The End of Truth c / It was the end of truth, and the end of all that objective truth had made of us. The clear perceptions and measures of the 19th and 20th centuries now seemed a primitive agenda: the compulsion to impose order and predictability, to eliminate all risk and uncertainty. A need of a few to control the many with the proven formula of simple certainties.
A crisis of truth has beset almost every aspect of our thinking. For over 2,000 years we have believed in the possibility of a single true account and measurement of our world. As a result we have become lost, both as individuals and as a society. In our new relative, post-modern era, there is no unique history, no agreed morality and no uncontested knowledge. We are all rendered histories actors, and left in part paralysis studying each others acts and actions. Now this age, the age of truth is coming to a close.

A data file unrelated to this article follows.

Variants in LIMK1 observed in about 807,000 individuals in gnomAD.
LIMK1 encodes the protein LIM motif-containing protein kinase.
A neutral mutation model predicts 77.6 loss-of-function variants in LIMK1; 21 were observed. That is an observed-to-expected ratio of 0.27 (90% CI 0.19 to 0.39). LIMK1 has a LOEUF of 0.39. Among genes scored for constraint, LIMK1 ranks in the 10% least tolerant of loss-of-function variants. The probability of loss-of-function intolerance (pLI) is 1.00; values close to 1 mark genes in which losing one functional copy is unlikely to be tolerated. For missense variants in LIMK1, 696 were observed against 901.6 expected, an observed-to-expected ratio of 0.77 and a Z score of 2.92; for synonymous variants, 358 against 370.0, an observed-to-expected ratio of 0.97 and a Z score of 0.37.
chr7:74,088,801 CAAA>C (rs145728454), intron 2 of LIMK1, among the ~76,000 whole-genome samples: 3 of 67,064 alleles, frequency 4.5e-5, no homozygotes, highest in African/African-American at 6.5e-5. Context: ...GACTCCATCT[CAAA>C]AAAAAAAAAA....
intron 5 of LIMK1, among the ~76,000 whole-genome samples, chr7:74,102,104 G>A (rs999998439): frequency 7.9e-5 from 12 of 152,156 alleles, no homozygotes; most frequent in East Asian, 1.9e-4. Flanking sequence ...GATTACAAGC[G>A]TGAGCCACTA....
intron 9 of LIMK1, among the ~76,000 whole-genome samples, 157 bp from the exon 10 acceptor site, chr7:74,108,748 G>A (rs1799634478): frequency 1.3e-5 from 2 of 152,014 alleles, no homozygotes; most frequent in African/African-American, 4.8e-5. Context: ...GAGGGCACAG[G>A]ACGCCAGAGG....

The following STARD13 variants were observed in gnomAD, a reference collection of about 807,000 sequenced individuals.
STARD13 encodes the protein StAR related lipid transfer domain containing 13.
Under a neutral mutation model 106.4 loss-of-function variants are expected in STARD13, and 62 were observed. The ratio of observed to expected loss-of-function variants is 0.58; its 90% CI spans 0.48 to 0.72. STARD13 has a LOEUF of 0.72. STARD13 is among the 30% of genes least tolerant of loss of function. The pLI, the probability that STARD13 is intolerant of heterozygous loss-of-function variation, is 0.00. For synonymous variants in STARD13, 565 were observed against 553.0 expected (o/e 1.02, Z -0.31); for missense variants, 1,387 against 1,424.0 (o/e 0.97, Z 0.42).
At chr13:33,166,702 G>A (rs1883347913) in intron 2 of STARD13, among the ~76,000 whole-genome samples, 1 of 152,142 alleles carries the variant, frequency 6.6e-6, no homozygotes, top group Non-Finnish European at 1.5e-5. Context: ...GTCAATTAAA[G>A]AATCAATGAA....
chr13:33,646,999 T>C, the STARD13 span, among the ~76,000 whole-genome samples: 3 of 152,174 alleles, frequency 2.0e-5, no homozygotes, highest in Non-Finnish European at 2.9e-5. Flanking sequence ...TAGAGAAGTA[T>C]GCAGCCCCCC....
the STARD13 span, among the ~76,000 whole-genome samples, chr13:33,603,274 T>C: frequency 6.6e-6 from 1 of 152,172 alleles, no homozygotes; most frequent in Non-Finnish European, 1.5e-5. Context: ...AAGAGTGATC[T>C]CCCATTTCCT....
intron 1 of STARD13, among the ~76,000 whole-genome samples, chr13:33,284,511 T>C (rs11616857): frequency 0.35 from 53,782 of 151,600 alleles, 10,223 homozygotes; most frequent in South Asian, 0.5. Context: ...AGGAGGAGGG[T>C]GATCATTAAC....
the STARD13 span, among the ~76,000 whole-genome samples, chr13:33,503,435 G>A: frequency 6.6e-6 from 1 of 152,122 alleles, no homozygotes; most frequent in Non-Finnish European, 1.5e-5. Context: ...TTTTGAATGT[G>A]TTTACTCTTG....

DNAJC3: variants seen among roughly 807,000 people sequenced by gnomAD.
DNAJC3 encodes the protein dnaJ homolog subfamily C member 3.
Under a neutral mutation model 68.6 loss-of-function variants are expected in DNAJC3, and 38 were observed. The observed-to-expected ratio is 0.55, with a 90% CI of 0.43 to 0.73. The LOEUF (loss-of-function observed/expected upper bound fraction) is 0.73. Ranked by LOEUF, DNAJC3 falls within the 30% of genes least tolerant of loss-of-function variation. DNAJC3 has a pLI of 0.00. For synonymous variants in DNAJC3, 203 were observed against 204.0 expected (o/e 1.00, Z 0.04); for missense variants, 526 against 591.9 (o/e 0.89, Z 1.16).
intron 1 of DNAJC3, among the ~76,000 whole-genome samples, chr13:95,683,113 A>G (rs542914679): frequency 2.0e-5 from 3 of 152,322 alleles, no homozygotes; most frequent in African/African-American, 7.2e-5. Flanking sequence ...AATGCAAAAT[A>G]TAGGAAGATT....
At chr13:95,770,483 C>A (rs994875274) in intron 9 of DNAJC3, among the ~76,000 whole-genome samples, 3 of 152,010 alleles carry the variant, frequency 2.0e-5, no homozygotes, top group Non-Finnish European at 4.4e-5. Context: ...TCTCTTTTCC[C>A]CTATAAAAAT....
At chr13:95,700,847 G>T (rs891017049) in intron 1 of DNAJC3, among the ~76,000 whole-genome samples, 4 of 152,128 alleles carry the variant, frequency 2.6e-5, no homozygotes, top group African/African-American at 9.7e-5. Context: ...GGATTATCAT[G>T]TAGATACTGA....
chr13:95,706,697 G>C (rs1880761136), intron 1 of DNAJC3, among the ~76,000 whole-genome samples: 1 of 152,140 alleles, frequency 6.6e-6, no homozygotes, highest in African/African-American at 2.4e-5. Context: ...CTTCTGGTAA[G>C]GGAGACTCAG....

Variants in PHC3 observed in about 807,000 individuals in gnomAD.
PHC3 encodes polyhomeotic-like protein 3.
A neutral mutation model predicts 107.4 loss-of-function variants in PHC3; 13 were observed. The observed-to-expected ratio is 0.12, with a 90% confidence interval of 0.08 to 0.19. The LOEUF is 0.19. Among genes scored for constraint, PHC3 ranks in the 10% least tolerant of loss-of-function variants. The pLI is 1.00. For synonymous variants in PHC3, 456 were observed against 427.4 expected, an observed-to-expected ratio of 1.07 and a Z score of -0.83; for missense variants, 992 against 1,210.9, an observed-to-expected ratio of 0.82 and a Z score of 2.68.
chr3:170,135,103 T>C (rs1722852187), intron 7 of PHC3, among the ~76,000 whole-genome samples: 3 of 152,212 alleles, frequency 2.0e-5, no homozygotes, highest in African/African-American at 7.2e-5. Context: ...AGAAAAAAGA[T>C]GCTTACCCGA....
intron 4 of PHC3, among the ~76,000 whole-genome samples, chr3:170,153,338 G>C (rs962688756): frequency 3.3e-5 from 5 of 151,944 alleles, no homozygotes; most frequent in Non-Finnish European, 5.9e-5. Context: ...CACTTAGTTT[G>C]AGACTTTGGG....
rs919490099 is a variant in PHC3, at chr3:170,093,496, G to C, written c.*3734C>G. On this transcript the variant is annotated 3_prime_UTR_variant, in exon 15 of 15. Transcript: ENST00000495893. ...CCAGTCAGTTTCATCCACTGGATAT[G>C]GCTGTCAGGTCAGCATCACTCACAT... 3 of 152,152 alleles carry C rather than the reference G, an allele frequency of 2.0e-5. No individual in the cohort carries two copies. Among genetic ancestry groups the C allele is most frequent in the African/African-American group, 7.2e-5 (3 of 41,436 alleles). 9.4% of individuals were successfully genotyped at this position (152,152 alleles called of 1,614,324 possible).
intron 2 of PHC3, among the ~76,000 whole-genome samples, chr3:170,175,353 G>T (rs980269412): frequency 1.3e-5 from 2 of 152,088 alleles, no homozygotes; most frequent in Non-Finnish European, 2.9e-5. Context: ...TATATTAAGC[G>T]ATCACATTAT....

The age of truths has begun.
The technology and economics of multiperspective have overthrown the established view in which truth was an absolute, a unit of measure. We live in what appears to be a post-truth world - with no clear single narrative of meaning and an endless array of perspectives. New realities seem to be springing up constantly, consumed hungrily and instantaneously by a real time global audience before the writers of history have even been able to begin to trace or predict a trajectory. A solution might be to rely on our own instincts, to be increasingly creative and decreasingly linear with our interpretation of truths. We are fast learning the ability to filter a myriad of influences and interpretations to create our own unmistakably personal reality.
Instead of seeing the world as a monolith, rotating within a single universe, whose truth we might uncover through the practise of science, we might better regard the world as open and it is each of us who close it through our stories.
email@example.com | @_ted_hunt |